Environmental Law in Qld (& Australia is in a tremendous State of flux.
This week, the Qld Government had its first Cabinet meeting, since the recent State elections.
The newly elected Premier of Qld: Mr Campbell Newman was also in Canberra this week meeting with in the lead up to a meeting of the Council of Australian Governments (COAG).. One of the topics of discussion was the reduction of Environmental Regulation.
The Federal Government hosted discussions with the COAG Business Advisory Forum in Canberra with alleged business Leaders & State Governments.
The red (& green) tape reduction reform process was a key topic of the inaugural meeting.
State & territory governments would get a bigger say in environmental approvals to fast-track major projects under a deal to go to the Council of Australian Governments (COAG) this week.
The commonwealth will retain responsibility for World Heritage and "high-risk projects". Currently any company proposing a major development such as a mine, port, rail line or tourist project must meet state & federal environmental rules, which can tie up the project for years.
The former Qld Government’s Green Tape Reduction program has been sent back to square one. The newly elected Government is setting out to “streamline environmental protections”
Mr Newman said the new Queensland position was one of “competitive federalism” but again no one seems to know what the implications are for Environment Protection.
Premier Campbell Newman has rejected suggestions that widening the gap between regulatory systems in different states would actually make it more expensive for businesses to operate across borders.
While the Premier supports a harmonised approach to various forms of regulation, he is advocating that Qld stand up & decide to out-compete other states.
As for cutting "green tape", Mr Newman believed discussions in the pre-COAG business forum did not go far enough.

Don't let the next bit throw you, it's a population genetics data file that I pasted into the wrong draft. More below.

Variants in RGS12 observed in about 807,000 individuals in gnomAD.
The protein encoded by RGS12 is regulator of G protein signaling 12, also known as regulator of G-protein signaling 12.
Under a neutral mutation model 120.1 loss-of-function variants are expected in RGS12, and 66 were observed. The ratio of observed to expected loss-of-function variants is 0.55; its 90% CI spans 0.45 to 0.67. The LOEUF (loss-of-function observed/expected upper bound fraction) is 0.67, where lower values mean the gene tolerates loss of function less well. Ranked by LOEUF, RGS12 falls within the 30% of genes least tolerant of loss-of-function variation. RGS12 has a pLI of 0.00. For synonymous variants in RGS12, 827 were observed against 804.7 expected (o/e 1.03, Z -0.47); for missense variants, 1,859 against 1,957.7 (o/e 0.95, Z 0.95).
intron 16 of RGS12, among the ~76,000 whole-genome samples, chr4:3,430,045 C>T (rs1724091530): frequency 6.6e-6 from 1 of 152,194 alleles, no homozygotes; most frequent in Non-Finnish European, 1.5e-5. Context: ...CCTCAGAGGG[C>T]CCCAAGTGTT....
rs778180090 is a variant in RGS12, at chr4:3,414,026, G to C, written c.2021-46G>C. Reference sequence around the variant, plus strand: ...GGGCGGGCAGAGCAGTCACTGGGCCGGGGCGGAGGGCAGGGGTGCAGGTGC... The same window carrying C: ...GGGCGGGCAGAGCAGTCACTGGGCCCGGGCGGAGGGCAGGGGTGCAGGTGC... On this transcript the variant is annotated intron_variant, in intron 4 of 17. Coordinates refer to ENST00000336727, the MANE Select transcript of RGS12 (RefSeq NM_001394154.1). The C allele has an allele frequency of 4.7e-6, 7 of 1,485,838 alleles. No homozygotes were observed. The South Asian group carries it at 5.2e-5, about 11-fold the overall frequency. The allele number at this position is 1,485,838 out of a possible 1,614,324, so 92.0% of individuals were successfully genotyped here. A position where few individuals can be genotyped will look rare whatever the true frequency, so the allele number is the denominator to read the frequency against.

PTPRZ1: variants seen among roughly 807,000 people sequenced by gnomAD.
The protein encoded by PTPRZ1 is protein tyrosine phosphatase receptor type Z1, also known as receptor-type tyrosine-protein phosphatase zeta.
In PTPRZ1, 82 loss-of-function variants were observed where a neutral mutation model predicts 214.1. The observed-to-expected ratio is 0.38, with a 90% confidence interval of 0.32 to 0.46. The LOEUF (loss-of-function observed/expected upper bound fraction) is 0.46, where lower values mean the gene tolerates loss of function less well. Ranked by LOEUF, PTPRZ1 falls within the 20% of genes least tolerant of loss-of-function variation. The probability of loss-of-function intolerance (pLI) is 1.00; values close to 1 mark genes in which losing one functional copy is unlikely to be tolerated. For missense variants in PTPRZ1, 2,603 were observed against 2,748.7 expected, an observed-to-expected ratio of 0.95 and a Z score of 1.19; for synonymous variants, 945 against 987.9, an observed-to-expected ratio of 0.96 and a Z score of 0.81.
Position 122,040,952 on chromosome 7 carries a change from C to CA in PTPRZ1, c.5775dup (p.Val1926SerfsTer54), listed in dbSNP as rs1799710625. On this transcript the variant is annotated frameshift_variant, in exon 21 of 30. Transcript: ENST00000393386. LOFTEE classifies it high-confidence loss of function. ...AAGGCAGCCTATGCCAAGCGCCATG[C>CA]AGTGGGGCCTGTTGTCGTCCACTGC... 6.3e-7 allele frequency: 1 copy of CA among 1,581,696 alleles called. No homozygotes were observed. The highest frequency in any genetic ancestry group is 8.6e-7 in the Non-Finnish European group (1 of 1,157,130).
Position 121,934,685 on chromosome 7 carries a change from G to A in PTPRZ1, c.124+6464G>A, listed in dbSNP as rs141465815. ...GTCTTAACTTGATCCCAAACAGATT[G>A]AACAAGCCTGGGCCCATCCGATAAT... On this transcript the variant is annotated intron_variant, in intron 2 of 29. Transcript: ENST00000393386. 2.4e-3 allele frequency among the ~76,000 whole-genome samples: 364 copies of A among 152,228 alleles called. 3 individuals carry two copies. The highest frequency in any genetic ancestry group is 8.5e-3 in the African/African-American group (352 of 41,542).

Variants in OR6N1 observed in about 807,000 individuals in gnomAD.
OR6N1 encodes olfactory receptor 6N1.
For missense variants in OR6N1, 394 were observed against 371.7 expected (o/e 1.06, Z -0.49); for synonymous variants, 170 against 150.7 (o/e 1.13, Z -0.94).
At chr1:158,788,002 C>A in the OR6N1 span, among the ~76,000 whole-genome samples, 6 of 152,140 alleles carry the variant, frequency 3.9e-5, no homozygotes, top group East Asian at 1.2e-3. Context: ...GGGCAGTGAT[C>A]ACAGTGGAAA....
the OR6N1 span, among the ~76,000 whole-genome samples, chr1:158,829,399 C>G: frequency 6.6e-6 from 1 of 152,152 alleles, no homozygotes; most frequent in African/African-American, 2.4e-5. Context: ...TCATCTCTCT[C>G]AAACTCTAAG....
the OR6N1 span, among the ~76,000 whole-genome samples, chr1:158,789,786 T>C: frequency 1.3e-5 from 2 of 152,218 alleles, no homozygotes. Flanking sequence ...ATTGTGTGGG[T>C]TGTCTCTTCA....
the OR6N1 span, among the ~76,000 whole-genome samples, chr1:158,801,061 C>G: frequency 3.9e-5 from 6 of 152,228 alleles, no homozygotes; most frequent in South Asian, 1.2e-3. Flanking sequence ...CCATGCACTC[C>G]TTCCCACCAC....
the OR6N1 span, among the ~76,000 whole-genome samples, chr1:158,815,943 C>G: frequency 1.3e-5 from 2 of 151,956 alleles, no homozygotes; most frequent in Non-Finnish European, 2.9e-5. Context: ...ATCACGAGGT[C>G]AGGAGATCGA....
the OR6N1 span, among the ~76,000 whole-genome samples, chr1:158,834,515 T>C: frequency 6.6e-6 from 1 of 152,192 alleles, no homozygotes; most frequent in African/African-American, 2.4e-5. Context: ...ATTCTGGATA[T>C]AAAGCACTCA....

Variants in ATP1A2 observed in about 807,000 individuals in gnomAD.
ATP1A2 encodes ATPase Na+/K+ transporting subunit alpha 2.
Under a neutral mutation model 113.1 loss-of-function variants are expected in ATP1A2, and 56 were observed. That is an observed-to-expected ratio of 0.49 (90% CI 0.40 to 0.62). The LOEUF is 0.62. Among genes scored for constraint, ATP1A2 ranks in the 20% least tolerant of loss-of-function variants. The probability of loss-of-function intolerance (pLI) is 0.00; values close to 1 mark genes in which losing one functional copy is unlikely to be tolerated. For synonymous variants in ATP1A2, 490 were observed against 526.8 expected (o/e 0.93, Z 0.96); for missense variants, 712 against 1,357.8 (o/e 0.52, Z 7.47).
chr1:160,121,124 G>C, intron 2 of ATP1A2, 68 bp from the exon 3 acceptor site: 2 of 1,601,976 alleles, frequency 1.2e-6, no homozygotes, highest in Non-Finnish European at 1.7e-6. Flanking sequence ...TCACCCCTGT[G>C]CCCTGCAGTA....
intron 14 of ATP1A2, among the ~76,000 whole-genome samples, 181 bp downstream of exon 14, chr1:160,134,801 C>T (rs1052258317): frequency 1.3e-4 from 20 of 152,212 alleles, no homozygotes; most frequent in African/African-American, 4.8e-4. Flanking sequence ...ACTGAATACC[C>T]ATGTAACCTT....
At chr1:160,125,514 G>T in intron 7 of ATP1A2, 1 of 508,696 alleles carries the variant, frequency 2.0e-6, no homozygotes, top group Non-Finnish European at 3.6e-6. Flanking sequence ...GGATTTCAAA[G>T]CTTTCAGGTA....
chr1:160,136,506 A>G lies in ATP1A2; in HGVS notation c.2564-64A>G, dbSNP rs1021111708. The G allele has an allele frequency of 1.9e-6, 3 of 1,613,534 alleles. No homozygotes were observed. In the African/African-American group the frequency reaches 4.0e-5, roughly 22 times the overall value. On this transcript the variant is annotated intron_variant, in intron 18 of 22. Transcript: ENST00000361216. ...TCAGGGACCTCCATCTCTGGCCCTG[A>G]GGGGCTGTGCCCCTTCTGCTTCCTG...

The Premier wants the Federal Government to delegate the powers of the Environmental Protection and Biodiversity Conservation Act to the states.
He complained that the Federal Government kept "coming over the top" of the Queensland Government to delay major resource and tourism projects.
Mr Newman is seeking legal advice on whether it can fight the carbon tax as unconstitutional.
He expects to get that in the next few weeks. He had spoken to at least one other premier about possibly joining together in a High Court challenge.
Mr Newman said Cabinet also looked at some options to address the issue of high electricity costs for Queenslanders.
As a first action, the LNP government will legislate to ensure carbon tax costs can be displayed on Queenslanders’ electricity bills by 1 July to coincide with the introduction of the Carbon Tax.
Repealing the former Qld Government’s Waste levy was on the agenda of the first Cabinet Meeting of the new Government.
The Waste Levy introduced in December 2011 is being repealed by 1 July 2012 as part of the action plan to deliver the LNP’s Lower Cost of Living for Families Package for Queenslanders.
Premier Campbell Newman said cost of living in Queensland had skyrocketed under Labor and the LNP Government’s focus was to act immediately to start addressing cost of living issues.
Campbell Newman described the former Government’s waste levy, as a huge slug on businesses, families & councils.
His Government will be looking at alternative funding streams to deliver an industry driven waste strategy as part of the budget process.
Following Cabinet consideration, the Queensland Water Commission & Treasury have been asked for an accelerated review of bulk water prices, with options for a new price path to be brought back to Cabinet by 31 May 2012.
Gladstone Harbour seems to be the test case for the new Qld State Government’s approach to Environmental regulation in Qld.
Deputy Premier Jeff Seeney expressed his desire to annex Gladstone Harbour from the Great Barrier Reef marine Park.